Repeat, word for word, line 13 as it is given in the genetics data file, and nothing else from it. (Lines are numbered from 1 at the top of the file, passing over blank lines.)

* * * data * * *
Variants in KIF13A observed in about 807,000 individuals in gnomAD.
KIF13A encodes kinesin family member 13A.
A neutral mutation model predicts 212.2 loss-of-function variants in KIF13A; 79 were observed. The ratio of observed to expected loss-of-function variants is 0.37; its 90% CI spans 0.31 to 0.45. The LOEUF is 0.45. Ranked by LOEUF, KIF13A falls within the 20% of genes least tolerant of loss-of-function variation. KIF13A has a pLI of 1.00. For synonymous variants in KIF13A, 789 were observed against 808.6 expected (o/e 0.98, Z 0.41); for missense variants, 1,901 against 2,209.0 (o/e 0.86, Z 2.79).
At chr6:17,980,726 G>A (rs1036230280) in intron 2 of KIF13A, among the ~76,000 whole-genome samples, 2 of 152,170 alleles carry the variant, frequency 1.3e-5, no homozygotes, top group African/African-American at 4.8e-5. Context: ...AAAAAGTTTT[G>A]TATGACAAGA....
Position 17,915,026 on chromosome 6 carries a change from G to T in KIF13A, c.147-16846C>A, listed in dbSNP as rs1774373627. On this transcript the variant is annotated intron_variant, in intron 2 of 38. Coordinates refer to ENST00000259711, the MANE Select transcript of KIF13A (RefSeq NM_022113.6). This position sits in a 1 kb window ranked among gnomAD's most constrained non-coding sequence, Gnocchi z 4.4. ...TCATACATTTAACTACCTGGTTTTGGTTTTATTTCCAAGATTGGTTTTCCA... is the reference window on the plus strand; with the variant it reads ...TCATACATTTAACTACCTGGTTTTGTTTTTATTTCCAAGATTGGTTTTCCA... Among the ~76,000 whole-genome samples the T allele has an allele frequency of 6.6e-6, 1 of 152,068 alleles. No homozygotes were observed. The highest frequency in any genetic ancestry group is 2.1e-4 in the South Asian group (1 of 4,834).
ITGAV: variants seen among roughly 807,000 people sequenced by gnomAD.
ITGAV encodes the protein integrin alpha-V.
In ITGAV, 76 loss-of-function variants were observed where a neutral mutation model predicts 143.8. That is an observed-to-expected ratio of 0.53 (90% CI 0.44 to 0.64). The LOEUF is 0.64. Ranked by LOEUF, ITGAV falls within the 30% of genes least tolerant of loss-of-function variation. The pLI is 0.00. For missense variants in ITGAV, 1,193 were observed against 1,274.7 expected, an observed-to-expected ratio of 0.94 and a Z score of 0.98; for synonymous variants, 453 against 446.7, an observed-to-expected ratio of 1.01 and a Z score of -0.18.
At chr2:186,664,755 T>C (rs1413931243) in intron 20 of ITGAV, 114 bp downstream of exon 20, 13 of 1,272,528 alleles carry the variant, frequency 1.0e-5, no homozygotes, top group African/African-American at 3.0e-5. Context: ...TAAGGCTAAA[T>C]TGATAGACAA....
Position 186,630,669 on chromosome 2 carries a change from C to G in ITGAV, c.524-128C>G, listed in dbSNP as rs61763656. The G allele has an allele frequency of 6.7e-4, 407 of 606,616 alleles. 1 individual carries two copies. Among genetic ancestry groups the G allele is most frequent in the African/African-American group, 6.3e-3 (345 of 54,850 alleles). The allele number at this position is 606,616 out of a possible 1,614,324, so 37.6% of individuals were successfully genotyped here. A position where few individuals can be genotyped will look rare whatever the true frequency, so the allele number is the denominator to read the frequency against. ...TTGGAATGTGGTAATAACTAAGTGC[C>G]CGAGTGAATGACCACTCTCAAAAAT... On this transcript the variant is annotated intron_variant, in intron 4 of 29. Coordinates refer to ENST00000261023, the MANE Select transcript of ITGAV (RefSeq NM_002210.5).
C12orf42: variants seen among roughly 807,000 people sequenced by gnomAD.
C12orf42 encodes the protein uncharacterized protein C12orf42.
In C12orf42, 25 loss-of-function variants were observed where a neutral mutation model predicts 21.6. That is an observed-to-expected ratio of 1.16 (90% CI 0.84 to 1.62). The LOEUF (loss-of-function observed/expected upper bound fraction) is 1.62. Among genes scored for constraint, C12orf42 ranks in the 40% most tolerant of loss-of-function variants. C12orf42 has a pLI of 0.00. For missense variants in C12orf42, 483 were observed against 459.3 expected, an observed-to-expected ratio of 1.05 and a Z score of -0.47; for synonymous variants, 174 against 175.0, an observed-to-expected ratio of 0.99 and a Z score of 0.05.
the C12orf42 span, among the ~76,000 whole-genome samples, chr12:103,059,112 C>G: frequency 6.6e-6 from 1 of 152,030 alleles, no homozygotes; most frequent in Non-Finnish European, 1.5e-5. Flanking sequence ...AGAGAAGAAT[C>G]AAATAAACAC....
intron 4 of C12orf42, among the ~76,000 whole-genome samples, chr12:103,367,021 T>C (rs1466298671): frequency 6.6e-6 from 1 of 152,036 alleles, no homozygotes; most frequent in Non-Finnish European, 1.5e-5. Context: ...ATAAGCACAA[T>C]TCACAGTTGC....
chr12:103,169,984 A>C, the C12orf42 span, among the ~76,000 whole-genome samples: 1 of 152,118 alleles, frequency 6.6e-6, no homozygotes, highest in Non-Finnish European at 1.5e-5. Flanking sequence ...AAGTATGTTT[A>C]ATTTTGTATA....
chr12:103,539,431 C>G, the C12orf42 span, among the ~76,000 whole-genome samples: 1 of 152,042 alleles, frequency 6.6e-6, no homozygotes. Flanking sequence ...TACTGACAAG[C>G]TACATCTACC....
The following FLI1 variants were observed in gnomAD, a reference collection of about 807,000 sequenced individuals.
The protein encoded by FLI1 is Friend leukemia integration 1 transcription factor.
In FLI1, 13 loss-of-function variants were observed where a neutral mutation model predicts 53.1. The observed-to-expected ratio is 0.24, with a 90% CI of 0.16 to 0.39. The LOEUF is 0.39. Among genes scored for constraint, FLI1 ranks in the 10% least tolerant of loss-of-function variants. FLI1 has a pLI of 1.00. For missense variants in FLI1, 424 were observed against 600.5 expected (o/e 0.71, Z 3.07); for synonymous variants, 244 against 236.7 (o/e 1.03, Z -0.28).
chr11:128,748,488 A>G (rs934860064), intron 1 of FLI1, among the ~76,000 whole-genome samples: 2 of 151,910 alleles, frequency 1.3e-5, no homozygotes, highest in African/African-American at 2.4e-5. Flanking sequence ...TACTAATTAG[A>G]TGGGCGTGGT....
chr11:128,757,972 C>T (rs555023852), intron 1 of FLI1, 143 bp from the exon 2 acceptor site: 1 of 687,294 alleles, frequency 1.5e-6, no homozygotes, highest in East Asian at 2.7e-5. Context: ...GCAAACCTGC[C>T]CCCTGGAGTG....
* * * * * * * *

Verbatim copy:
In C12orf42, 25 loss-of-function variants were observed where a neutral mutation model predicts 21.6. That is an observed-to-expected ratio of 1.16 (90% CI 0.84 to 1.62). The LOEUF (loss-of-function observed/expected upper bound fraction) is 1.62. Among genes scored for constraint, C12orf42 ranks in the 40% most tolerant of loss-of-function variants. C12orf42 has a pLI of 0.00. For missense variants in C12orf42, 483 were observed against 459.3 expected, an observed-to-expected ratio of 1.05 and a Z score of -0.47; for synonymous variants, 174 against 175.0, an observed-to-expected ratio of 0.99 and a Z score of 0.05.